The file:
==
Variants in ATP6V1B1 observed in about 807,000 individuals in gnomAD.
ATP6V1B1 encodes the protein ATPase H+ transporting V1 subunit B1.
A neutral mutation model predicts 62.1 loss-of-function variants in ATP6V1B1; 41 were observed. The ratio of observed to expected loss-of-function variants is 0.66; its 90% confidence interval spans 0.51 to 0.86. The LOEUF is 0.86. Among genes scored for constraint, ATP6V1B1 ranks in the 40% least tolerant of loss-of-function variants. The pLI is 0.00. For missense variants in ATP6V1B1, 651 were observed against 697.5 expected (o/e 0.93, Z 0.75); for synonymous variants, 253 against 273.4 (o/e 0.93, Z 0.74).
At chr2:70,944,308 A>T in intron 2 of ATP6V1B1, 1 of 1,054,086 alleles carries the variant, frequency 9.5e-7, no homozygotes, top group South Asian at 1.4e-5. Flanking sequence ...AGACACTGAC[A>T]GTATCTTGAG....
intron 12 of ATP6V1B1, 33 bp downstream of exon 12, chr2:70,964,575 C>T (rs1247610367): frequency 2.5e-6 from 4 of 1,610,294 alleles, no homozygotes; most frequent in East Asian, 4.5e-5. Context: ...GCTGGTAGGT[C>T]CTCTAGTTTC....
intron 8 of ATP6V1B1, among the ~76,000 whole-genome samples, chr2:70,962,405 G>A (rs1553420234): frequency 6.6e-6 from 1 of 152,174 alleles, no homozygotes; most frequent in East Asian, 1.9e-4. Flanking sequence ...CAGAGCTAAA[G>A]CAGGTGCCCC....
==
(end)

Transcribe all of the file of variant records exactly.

Variants in ATP6V1B1 observed in about 807,000 individuals in gnomAD.
ATP6V1B1 encodes the protein ATPase H+ transporting V1 subunit B1.
A neutral mutation model predicts 62.1 loss-of-function variants in ATP6V1B1; 41 were observed. The ratio of observed to expected loss-of-function variants is 0.66; its 90% confidence interval spans 0.51 to 0.86. The LOEUF is 0.86. Among genes scored for constraint, ATP6V1B1 ranks in the 40% least tolerant of loss-of-function variants. The pLI is 0.00. For missense variants in ATP6V1B1, 651 were observed against 697.5 expected (o/e 0.93, Z 0.75); for synonymous variants, 253 against 273.4 (o/e 0.93, Z 0.74).
At chr2:70,944,308 A>T in intron 2 of ATP6V1B1, 1 of 1,054,086 alleles carries the variant, frequency 9.5e-7, no homozygotes, top group South Asian at 1.4e-5. Flanking sequence ...AGACACTGAC[A>T]GTATCTTGAG....
intron 12 of ATP6V1B1, 33 bp downstream of exon 12, chr2:70,964,575 C>T (rs1247610367): frequency 2.5e-6 from 4 of 1,610,294 alleles, no homozygotes; most frequent in East Asian, 4.5e-5. Context: ...GCTGGTAGGT[C>T]CTCTAGTTTC....
intron 8 of ATP6V1B1, among the ~76,000 whole-genome samples, chr2:70,962,405 G>A (rs1553420234): frequency 6.6e-6 from 1 of 152,174 alleles, no homozygotes; most frequent in East Asian, 1.9e-4. Flanking sequence ...CAGAGCTAAA[G>A]CAGGTGCCCC....